First off, on translations – as is fairly commonplace across other platforms, LinkedIn is now giving users a quick, easy way to translate posts into their local language.
As explained by LinkedIn:
“To help you keep in touch and understand all of the conversations happening in your LinkedIn Feed, we’ve now added the ability to see the translations of posts written in a different language. This has been one of the most requested features from all of you, and we’re excited to make it easier than ever to stay in touch with the people, companies, and groups you care about - regardless of the language you speak.”
No doubt most people are already familiar with such functionality – but where LinkedIn’s auto-translation tool is interesting is that the platform has immediately added the capacity to translate more than 60 languages, by using parent company Microsoft’s Text Analytics API (the same system which is used for translations in Bing, Skype, and Office).
The breadth of languages available, and the advances of Microsoft’s translation tools, help provide a powerful boost for the option – for context, Twitter offers translations for around 40 languages.
As the world becomes more interconnected, and translation options continue to improve, we move closer to borderless business interaction, which is no doubt where LinkedIn is looking with this new tool.
LinkedIn’s other new option is QR codes for profiles.
LinkedIn says their QR code option will provide a simple way to quickly find user profiles, and connect on-the-spot.
“The next time you’re at an industry event and you meet someone that you want to keep chatting with, open the LinkedIn app and scan their QR code to connect and stay in touch. Gone are the days of requesting a business card, asking the person to spell their name, or handing over your phone to make sure you found their profile.”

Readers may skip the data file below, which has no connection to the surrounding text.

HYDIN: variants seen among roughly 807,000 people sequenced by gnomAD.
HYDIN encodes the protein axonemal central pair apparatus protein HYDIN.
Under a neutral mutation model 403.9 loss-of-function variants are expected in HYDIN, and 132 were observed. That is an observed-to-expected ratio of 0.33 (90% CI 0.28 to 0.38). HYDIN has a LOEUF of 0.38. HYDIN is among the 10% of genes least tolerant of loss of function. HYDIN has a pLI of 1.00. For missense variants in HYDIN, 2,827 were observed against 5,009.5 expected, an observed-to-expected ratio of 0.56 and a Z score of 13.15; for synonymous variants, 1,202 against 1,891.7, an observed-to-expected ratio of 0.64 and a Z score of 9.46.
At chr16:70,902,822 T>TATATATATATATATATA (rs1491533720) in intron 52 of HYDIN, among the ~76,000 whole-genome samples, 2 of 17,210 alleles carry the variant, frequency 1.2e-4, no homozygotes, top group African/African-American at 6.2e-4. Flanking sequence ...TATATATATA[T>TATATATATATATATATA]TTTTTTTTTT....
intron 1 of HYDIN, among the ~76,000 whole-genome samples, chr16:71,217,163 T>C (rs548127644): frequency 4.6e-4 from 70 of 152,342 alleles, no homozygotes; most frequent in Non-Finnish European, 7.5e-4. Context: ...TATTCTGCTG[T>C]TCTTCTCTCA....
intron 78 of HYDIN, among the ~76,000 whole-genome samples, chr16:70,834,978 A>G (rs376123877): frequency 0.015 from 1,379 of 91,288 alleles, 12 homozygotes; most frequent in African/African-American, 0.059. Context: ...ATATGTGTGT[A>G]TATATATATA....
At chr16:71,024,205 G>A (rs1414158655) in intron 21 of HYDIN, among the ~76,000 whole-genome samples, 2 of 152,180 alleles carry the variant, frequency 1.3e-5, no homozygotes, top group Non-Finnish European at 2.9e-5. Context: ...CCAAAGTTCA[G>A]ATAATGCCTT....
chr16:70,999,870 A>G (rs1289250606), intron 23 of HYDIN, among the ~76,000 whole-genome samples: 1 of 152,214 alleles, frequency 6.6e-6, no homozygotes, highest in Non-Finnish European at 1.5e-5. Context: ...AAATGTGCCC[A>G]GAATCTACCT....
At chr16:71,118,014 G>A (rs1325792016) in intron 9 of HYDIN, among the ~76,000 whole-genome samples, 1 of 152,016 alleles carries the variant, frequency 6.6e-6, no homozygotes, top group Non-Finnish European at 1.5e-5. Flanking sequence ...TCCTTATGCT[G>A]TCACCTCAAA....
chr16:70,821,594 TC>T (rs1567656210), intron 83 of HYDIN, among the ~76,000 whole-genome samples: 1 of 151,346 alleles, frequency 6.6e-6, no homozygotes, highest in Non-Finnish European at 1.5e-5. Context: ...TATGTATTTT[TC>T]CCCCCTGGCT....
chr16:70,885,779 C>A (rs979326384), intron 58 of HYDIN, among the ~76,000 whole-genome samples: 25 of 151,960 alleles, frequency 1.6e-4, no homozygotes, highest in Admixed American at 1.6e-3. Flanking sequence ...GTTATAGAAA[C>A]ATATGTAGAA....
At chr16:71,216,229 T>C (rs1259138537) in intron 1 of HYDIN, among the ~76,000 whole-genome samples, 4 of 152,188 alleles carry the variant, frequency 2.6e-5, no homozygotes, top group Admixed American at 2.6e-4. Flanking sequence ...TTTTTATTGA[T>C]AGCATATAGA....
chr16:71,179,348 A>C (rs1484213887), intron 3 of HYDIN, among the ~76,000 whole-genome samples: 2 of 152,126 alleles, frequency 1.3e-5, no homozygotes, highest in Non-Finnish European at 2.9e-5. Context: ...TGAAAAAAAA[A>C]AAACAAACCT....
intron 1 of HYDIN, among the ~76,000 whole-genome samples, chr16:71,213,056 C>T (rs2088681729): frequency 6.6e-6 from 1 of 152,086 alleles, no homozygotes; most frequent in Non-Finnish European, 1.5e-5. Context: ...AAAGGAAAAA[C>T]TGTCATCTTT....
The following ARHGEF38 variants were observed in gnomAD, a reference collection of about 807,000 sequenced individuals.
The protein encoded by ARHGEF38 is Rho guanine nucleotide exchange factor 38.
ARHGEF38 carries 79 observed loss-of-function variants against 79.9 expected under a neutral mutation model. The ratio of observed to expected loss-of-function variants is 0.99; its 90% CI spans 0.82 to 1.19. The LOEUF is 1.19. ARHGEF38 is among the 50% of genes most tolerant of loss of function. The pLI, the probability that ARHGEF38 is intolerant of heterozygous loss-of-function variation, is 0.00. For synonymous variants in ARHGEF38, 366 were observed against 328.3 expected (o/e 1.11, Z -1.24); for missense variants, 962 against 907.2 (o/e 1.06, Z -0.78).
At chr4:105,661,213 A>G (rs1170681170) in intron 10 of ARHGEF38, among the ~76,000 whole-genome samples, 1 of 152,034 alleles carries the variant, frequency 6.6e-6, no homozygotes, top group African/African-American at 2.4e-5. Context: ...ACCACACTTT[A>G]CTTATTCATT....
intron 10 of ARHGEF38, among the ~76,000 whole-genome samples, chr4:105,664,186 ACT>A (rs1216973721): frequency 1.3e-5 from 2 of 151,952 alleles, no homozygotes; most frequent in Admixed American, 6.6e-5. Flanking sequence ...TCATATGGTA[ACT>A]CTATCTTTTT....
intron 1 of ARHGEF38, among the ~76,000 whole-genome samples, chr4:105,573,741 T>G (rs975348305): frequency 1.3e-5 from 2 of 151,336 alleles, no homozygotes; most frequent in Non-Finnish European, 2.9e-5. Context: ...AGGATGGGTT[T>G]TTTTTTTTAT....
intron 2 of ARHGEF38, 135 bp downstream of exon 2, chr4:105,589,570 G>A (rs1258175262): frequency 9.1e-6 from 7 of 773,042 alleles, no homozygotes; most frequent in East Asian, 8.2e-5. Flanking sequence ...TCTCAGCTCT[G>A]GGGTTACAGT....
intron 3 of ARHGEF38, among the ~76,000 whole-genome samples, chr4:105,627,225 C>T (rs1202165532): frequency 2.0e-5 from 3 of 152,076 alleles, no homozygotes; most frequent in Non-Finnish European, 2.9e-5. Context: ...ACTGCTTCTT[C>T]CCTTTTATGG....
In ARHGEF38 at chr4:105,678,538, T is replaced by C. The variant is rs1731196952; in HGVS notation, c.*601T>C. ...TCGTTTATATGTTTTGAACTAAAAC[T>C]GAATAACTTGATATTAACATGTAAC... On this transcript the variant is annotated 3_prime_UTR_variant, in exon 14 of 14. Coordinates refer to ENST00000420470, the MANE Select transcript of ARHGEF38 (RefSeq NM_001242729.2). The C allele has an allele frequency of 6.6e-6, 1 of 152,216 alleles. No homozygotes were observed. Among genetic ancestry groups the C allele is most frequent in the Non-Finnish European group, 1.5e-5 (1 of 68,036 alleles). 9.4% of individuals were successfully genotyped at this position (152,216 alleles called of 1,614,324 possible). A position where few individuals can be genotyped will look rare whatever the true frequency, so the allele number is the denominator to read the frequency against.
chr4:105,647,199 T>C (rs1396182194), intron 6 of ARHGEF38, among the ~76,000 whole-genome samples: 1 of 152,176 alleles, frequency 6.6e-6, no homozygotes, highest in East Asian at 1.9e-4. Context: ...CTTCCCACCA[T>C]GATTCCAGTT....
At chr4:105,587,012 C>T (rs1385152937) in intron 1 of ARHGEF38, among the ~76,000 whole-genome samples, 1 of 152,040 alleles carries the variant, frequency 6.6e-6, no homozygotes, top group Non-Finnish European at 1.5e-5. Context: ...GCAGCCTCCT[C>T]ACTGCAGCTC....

In this respect, QR codes on LinkedIn might actually make more sense than they do on other social platforms. I mean, it’s a stretch to think that LinkedIn QR codes might replace business cards entirely, but they certainly do have a clear and practical use in the case of conferences in events.
And another interesting suggestion – LinkedIn QR codes could be included on conference badges or lanyards for each individual participant. Certainly worth considering.
LinkedIn becomes the latest social platform to add a QR code option, despite the fact that QR codes have never really seemed to catch on.
Or have they?
According to The Economist, QR codes are hugely popular in China and Japan, with QR code-enabled transactions totaling more than $1.65 trillion in these two countries in 2016. That could be why social platforms see such opportunity in the option – maybe western markets aren’t as interested in QR codes, but there are huge markets of people who are, and those trends could translate across over time, making it a more significant consideration.
If you want to try out LinkedIn’s QR code options:
- Open your LinkedIn app and tap the QR code icon in the search box found on the Home tab.
- From here you can scan someone else’s LinkedIn QR code and you will be taken to their profile where you can check out mutual connections, common interests, and send a connection request. You can also upload a LinkedIn QR code image from your phone.
- To find your own LinkedIn QR code, tap on “My code.” If you’d like to share your code through iMessage, email, or other apps, you can do so directly from this page (available now on iOS and coming soon to Android). You can also save your code to your photos.
They’re not revolutionary, but both tools add to the broader LinkedIn experience – and a noted, both could become increasingly relevant over time.